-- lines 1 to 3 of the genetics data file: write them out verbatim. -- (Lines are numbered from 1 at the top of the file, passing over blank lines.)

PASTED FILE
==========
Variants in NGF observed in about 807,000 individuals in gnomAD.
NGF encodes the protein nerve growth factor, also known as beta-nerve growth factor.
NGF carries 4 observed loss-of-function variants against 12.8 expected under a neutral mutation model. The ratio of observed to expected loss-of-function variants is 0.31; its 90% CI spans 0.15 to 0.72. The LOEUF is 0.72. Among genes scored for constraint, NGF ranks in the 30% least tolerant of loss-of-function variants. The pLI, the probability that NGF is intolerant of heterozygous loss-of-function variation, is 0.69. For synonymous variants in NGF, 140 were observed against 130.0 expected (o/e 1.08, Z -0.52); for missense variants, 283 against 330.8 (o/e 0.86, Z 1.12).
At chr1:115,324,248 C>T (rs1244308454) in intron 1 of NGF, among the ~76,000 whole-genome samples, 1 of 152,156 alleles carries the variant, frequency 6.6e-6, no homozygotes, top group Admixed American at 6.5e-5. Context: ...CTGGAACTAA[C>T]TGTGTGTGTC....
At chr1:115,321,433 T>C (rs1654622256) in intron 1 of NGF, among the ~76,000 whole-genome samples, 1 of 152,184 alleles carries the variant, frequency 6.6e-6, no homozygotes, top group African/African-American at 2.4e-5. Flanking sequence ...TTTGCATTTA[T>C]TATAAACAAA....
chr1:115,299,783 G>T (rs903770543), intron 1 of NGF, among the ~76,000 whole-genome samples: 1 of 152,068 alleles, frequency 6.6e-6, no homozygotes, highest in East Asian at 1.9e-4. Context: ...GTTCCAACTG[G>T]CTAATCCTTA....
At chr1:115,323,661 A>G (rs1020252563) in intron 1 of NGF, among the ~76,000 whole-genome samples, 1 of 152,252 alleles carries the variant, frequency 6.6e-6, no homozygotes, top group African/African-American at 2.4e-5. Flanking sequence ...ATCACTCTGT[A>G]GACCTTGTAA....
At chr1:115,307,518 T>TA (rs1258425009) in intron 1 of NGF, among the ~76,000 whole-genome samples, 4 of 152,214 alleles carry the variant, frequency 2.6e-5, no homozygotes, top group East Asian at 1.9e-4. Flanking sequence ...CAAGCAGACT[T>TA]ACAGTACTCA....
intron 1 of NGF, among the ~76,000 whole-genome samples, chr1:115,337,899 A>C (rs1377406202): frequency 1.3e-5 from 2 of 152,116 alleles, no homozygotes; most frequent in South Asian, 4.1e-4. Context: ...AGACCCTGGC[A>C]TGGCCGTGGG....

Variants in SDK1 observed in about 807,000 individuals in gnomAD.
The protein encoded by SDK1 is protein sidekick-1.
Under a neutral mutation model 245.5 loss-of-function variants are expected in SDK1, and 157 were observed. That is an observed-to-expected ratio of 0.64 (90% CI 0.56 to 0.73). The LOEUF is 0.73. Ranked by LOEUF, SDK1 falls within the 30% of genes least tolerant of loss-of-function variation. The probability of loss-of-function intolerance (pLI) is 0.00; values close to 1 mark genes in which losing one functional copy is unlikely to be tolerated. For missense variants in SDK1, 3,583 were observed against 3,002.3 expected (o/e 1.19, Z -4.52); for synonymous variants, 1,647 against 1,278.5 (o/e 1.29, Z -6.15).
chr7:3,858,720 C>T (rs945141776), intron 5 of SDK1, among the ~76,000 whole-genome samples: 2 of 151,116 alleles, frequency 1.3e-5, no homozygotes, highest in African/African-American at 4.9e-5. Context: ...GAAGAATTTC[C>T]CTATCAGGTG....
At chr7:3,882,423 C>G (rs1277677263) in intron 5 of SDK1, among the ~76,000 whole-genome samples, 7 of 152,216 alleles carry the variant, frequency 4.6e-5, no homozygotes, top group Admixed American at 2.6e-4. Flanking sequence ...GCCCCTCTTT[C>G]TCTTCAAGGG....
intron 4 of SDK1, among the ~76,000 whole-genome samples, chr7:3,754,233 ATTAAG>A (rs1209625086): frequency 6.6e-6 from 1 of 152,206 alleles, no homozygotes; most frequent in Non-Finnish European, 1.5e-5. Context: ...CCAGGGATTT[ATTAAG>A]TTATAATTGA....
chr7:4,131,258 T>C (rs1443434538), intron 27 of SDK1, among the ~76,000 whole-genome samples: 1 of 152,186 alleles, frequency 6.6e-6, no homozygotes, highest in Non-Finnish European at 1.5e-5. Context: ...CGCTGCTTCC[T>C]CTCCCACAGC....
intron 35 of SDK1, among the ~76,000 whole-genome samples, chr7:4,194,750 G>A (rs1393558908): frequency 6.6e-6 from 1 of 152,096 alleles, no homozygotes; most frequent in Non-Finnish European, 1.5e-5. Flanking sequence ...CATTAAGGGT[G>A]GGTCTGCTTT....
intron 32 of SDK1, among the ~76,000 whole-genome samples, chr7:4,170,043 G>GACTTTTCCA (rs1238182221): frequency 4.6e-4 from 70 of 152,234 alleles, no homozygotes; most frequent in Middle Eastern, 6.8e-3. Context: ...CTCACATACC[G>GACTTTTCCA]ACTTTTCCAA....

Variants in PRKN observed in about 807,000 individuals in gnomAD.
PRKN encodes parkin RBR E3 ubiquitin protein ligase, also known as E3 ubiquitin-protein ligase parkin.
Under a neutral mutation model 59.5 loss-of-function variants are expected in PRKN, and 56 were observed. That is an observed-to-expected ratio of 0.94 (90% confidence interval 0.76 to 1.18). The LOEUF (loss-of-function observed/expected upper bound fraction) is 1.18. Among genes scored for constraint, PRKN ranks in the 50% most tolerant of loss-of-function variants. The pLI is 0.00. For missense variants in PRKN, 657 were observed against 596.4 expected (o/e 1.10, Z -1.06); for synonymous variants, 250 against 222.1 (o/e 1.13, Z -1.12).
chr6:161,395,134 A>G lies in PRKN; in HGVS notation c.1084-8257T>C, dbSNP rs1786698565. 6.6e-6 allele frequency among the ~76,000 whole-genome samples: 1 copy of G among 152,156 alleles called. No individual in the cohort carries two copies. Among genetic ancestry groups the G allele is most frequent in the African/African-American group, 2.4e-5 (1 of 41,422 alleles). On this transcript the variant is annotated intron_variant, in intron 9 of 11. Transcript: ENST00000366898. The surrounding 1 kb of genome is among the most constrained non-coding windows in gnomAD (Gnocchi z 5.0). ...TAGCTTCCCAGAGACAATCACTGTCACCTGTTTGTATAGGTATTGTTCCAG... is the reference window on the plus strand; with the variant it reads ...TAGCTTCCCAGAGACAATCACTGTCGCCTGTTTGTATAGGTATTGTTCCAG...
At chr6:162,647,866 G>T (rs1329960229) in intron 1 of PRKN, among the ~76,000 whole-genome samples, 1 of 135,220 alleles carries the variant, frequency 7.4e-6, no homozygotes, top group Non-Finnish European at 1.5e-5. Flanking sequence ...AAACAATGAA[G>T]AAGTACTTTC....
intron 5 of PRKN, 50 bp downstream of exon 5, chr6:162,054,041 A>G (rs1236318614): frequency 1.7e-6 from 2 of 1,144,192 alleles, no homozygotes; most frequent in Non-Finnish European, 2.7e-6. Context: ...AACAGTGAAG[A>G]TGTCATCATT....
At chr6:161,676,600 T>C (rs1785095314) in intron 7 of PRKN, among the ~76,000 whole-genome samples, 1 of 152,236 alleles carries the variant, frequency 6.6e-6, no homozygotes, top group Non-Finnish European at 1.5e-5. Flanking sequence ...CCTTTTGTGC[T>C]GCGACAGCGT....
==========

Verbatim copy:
Variants in NGF observed in about 807,000 individuals in gnomAD.
NGF encodes the protein nerve growth factor, also known as beta-nerve growth factor.
NGF carries 4 observed loss-of-function variants against 12.8 expected under a neutral mutation model. The ratio of observed to expected loss-of-function variants is 0.31; its 90% CI spans 0.15 to 0.72. The LOEUF is 0.72. Among genes scored for constraint, NGF ranks in the 30% least tolerant of loss-of-function variants. The pLI, the probability that NGF is intolerant of heterozygous loss-of-function variation, is 0.69. For synonymous variants in NGF, 140 were observed against 130.0 expected (o/e 1.08, Z -0.52); for missense variants, 283 against 330.8 (o/e 0.86, Z 1.12).